Today, social media is a powerful and fast-growing medium, which offers innovative new ways for businesses to communicate and interact with their customers and prospective customers. Because of social media’s ability to exchange information instantaneously and virally, it is being called by many marketers “the new word of mouth” — long held as the most powerful and influential form of marketing.
Used properly by senior living communities, social media can be a very effective in building users’ trust, interesting them in your business, and getting them to talk about it. Social media marketing can be a very effective business strategy for increasing brand strength and ultimately making sales and increasing occupancy.
However, just as there are “best practices” for optimizing the value of social media, e.g. targeting your messages to the adult female children of aging parents, there are also practices to avoid. Like any powerful communications tool, social media can be bad for your business if misused or misdirected. First and foremost, it is important to remember that social media was built around being social.
It is essential to be personable, honest, and to add value in order to engage users to interact with and about your business. You want them to trust you and feel welcomed and enlightened by your company, so then they turn around and create the “buzz” or positive word of mouth for you.
In his article, “Five Rules on How Not to Use Social Media“, author, Randall Gates offers fundamental guidelines for building users’ trust, interesting them in your business, and getting them to talk to others about it:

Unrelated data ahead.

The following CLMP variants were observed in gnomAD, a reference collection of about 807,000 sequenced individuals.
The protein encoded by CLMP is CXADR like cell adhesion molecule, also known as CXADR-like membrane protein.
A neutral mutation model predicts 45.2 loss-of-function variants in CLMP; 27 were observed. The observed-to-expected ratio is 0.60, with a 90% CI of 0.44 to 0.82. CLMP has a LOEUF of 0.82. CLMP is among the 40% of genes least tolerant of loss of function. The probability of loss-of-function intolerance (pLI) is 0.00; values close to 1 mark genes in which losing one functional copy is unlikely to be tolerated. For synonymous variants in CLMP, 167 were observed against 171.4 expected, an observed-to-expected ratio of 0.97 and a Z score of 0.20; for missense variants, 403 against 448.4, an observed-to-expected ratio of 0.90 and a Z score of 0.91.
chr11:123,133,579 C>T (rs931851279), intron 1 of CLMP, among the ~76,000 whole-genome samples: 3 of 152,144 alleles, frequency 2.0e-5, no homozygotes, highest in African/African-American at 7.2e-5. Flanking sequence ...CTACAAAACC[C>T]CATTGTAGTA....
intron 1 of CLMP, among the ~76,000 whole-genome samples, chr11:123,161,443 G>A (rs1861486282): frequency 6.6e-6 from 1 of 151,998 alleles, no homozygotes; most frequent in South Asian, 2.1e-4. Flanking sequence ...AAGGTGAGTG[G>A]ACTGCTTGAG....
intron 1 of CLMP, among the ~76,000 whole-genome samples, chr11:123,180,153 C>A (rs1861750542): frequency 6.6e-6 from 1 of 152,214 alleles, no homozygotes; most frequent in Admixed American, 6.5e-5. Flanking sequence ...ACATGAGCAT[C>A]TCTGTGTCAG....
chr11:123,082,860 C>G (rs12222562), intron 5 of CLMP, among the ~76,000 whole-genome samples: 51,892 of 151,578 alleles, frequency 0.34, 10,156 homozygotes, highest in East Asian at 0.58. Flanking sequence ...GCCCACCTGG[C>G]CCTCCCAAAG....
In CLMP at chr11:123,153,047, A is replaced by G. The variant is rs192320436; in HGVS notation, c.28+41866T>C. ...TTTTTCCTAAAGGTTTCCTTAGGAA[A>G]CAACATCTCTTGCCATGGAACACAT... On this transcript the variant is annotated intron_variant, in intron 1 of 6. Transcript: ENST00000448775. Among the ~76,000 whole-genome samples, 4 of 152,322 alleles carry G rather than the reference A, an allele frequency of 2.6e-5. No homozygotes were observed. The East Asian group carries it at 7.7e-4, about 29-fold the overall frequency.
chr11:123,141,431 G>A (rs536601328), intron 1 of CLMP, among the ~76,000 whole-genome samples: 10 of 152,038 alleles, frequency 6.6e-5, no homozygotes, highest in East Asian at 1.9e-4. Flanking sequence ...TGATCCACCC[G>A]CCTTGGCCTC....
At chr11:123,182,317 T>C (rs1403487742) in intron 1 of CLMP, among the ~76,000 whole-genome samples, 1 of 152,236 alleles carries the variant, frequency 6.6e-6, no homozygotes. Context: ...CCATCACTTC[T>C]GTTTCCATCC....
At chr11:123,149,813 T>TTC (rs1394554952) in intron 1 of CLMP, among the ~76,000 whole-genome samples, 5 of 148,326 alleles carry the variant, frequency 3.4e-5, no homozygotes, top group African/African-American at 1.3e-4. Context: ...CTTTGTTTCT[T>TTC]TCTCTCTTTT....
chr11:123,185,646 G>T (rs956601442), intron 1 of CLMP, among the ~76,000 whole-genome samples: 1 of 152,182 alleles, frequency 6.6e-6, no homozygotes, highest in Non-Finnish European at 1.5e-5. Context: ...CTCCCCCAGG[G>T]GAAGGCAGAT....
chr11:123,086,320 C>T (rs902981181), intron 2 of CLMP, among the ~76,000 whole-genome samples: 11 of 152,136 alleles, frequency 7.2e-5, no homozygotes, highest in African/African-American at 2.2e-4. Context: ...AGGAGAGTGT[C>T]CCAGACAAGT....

Rule No. 1: Don’t be dishonest
Most of us have been taken in by a false post a time or two. Overtly dishonest posts, comments, and reviews that are thinly disguised promotions… we don’t like them and our customers don’t either, so just don’t go there.
Rule No. 2: Don’t be annoying
Remember the chain emails of the early 2000s? Sure, those things went viral quickly, but nobody appreciated them. In the same way that you don’t lob useless information or advertisements at your customers’ inboxes, don’t spam their Twitters with less-than-brilliant blog posts or promotions.
Rule No. 3: Don’t fight the nature of the Internet
Promoting a product or a service online is a tricky business, as piracy, theft, and sharing are rife. If your product or service is threatened by the openness of the Internet, then try a different approach.
Rule No. 4: Don’t think social media will solve all your problems
Social media is merely one tool for a business. A great one, to be sure: it can be used for advertising, for gathering customer feedback, for getting your brand out there, and more. Encourage creativity in all parts of your business—product enhancements, new products, new ways to provide a service, new markets—then use social media to promote all that is fresh and exciting about your offerings.
Rule No. 5: Don’t treat each new social media sensation as the Holy Grail
Of course, it’s great to have as many promotional outlets as you can, but the risk is that you grab more than you can really handle. The danger is running after each social media fad of the moment. Focus on what works and then pick up new channels deliberatively, after you figure out how best to use each new one.